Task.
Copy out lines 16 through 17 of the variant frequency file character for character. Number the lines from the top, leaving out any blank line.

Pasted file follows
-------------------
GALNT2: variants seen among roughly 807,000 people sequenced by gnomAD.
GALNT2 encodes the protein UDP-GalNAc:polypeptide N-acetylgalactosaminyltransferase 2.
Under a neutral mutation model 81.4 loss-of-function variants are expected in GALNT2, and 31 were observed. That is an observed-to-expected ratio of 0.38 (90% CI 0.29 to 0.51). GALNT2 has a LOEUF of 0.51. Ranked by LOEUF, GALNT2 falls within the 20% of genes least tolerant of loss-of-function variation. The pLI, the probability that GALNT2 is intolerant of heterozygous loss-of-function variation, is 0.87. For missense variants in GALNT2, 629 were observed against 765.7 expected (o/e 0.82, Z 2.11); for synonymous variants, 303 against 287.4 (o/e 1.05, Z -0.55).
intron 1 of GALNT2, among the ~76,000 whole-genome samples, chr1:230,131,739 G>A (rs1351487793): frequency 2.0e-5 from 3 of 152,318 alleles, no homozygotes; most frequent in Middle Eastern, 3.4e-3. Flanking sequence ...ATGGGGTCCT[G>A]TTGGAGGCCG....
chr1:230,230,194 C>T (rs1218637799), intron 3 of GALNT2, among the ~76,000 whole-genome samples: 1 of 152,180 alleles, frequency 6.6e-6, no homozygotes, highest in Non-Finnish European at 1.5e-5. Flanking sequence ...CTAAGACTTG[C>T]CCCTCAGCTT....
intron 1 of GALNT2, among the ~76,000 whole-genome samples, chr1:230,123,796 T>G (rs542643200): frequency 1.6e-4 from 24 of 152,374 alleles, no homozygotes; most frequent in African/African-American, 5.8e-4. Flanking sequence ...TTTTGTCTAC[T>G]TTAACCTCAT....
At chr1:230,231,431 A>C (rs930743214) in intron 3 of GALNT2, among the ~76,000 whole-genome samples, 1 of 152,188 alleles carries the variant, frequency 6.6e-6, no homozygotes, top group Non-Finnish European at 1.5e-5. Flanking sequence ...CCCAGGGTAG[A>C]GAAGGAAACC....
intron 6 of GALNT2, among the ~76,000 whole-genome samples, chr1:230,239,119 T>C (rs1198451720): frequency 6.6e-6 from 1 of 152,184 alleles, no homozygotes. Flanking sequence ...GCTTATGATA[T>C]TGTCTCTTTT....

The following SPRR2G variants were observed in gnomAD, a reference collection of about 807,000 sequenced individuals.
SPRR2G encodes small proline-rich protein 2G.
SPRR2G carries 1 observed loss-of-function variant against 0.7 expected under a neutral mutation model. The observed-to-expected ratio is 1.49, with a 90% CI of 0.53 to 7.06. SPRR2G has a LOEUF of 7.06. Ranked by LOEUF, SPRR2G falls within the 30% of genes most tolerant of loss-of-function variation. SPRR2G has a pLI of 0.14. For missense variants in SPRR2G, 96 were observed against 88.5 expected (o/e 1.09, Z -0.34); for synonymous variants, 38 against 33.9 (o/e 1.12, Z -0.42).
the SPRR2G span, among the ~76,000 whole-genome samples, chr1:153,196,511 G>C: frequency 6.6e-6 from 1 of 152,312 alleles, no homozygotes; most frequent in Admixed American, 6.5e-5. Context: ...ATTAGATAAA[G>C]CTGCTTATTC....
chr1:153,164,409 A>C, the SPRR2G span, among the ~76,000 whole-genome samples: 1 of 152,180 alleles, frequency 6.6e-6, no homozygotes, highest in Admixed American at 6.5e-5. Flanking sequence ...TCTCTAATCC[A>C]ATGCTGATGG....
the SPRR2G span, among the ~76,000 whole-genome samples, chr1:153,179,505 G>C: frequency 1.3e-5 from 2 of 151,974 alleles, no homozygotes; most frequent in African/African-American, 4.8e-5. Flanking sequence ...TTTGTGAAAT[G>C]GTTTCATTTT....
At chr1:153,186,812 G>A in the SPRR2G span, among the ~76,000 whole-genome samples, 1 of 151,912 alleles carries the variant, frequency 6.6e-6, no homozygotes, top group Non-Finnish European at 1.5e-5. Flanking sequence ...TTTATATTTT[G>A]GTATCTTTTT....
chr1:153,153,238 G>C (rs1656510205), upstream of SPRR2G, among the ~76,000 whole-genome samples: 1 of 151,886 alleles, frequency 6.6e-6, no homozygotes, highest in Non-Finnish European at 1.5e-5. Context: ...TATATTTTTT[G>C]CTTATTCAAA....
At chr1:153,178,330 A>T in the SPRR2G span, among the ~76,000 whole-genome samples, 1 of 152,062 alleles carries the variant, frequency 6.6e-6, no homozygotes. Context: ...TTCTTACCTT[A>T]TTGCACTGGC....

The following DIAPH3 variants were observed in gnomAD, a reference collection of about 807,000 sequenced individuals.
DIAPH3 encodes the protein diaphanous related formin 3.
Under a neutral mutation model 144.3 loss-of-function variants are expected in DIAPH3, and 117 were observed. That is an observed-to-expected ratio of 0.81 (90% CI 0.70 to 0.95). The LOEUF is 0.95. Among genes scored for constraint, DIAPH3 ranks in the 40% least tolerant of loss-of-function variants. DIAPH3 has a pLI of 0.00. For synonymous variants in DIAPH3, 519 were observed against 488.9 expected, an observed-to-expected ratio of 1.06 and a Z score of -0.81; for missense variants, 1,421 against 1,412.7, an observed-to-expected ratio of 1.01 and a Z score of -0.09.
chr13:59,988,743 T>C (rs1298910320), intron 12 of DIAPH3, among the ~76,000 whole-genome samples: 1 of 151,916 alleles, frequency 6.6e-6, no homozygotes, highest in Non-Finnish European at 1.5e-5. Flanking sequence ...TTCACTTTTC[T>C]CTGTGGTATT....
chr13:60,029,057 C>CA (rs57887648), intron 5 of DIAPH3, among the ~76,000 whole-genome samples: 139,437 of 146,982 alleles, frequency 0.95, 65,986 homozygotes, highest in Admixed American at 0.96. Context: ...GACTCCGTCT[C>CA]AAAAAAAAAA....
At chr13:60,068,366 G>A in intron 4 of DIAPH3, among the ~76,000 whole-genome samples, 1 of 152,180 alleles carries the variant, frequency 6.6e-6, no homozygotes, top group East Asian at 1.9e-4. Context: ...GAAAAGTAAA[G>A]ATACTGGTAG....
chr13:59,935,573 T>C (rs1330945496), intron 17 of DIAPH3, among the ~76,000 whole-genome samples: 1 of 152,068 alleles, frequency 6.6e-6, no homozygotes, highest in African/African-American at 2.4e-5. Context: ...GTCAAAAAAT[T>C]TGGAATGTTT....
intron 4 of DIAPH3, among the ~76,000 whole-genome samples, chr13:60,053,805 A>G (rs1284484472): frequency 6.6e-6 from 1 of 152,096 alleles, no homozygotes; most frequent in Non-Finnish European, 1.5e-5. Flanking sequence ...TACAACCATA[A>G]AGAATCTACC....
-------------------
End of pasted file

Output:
chr1:153,153,238 G>C (rs1656510205), upstream of SPRR2G, among the ~76,000 whole-genome samples: 1 of 151,886 alleles, frequency 6.6e-6, no homozygotes, highest in Non-Finnish European at 1.5e-5. Context: ...TATATTTTTT[G>C]CTTATTCAAA....
At chr1:153,178,330 A>T in the SPRR2G span, among the ~76,000 whole-genome samples, 1 of 152,062 alleles carries the variant, frequency 6.6e-6, no homozygotes. Context: ...TTCTTACCTT[A>T]TTGCACTGGC....